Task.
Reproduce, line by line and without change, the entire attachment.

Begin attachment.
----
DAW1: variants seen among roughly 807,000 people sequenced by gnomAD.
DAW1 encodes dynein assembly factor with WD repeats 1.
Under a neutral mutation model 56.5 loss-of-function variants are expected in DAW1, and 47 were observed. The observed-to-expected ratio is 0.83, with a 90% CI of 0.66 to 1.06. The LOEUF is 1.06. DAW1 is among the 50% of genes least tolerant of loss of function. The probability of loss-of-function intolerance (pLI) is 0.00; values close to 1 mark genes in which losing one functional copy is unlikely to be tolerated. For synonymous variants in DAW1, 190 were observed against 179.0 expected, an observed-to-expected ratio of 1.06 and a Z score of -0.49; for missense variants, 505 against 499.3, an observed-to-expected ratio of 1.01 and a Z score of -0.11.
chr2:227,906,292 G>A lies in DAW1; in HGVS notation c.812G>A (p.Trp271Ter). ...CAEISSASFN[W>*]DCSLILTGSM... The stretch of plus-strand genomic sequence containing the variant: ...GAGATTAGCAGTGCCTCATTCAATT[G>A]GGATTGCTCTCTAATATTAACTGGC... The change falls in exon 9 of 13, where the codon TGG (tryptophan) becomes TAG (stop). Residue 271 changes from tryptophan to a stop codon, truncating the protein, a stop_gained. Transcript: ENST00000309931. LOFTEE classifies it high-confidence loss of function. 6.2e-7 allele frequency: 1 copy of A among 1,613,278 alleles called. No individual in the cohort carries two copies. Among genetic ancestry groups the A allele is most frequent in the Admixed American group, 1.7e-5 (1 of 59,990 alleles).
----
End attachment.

DAW1: variants seen among roughly 807,000 people sequenced by gnomAD.
DAW1 encodes dynein assembly factor with WD repeats 1.
Under a neutral mutation model 56.5 loss-of-function variants are expected in DAW1, and 47 were observed. The observed-to-expected ratio is 0.83, with a 90% CI of 0.66 to 1.06. The LOEUF is 1.06. DAW1 is among the 50% of genes least tolerant of loss of function. The probability of loss-of-function intolerance (pLI) is 0.00; values close to 1 mark genes in which losing one functional copy is unlikely to be tolerated. For synonymous variants in DAW1, 190 were observed against 179.0 expected, an observed-to-expected ratio of 1.06 and a Z score of -0.49; for missense variants, 505 against 499.3, an observed-to-expected ratio of 1.01 and a Z score of -0.11.
chr2:227,906,292 G>A lies in DAW1; in HGVS notation c.812G>A (p.Trp271Ter). ...CAEISSASFN[W>*]DCSLILTGSM... The stretch of plus-strand genomic sequence containing the variant: ...GAGATTAGCAGTGCCTCATTCAATT[G>A]GGATTGCTCTCTAATATTAACTGGC... The change falls in exon 9 of 13, where the codon TGG (tryptophan) becomes TAG (stop). Residue 271 changes from tryptophan to a stop codon, truncating the protein, a stop_gained. Transcript: ENST00000309931. LOFTEE classifies it high-confidence loss of function. 6.2e-7 allele frequency: 1 copy of A among 1,613,278 alleles called. No individual in the cohort carries two copies. Among genetic ancestry groups the A allele is most frequent in the Admixed American group, 1.7e-5 (1 of 59,990 alleles).